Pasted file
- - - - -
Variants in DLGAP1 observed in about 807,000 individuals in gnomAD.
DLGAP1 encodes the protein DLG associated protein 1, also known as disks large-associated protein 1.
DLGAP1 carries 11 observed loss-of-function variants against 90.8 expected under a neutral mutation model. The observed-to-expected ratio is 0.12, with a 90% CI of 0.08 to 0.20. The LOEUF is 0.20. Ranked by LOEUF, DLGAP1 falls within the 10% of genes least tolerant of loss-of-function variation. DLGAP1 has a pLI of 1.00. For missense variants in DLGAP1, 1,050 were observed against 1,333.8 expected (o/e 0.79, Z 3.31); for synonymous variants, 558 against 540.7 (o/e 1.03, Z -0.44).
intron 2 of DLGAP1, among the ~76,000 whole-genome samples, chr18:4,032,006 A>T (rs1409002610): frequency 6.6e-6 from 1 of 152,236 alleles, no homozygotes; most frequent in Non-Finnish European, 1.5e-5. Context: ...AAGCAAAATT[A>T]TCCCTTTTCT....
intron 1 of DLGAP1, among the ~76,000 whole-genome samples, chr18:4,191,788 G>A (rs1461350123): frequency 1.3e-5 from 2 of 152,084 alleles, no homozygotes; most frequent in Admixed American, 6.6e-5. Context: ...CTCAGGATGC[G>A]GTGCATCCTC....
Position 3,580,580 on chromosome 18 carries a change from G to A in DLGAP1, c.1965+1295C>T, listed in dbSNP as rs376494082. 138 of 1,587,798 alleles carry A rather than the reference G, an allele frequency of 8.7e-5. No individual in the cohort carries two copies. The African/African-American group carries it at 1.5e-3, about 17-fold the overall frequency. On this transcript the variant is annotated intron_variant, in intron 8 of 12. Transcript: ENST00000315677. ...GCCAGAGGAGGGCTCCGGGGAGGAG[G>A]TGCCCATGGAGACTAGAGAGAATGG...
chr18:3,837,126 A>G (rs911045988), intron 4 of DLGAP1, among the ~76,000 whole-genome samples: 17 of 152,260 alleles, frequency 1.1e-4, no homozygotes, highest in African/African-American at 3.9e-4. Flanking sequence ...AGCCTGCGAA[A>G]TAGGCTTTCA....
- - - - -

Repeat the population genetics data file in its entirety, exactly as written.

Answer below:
Variants in DLGAP1 observed in about 807,000 individuals in gnomAD.
DLGAP1 encodes the protein DLG associated protein 1, also known as disks large-associated protein 1.
DLGAP1 carries 11 observed loss-of-function variants against 90.8 expected under a neutral mutation model. The observed-to-expected ratio is 0.12, with a 90% CI of 0.08 to 0.20. The LOEUF is 0.20. Ranked by LOEUF, DLGAP1 falls within the 10% of genes least tolerant of loss-of-function variation. DLGAP1 has a pLI of 1.00. For missense variants in DLGAP1, 1,050 were observed against 1,333.8 expected (o/e 0.79, Z 3.31); for synonymous variants, 558 against 540.7 (o/e 1.03, Z -0.44).
intron 2 of DLGAP1, among the ~76,000 whole-genome samples, chr18:4,032,006 A>T (rs1409002610): frequency 6.6e-6 from 1 of 152,236 alleles, no homozygotes; most frequent in Non-Finnish European, 1.5e-5. Context: ...AAGCAAAATT[A>T]TCCCTTTTCT....
intron 1 of DLGAP1, among the ~76,000 whole-genome samples, chr18:4,191,788 G>A (rs1461350123): frequency 1.3e-5 from 2 of 152,084 alleles, no homozygotes; most frequent in Admixed American, 6.6e-5. Context: ...CTCAGGATGC[G>A]GTGCATCCTC....
Position 3,580,580 on chromosome 18 carries a change from G to A in DLGAP1, c.1965+1295C>T, listed in dbSNP as rs376494082. 138 of 1,587,798 alleles carry A rather than the reference G, an allele frequency of 8.7e-5. No individual in the cohort carries two copies. The African/African-American group carries it at 1.5e-3, about 17-fold the overall frequency. On this transcript the variant is annotated intron_variant, in intron 8 of 12. Transcript: ENST00000315677. ...GCCAGAGGAGGGCTCCGGGGAGGAG[G>A]TGCCCATGGAGACTAGAGAGAATGG...
chr18:3,837,126 A>G (rs911045988), intron 4 of DLGAP1, among the ~76,000 whole-genome samples: 17 of 152,260 alleles, frequency 1.1e-4, no homozygotes, highest in African/African-American at 3.9e-4. Flanking sequence ...AGCCTGCGAA[A>G]TAGGCTTTCA....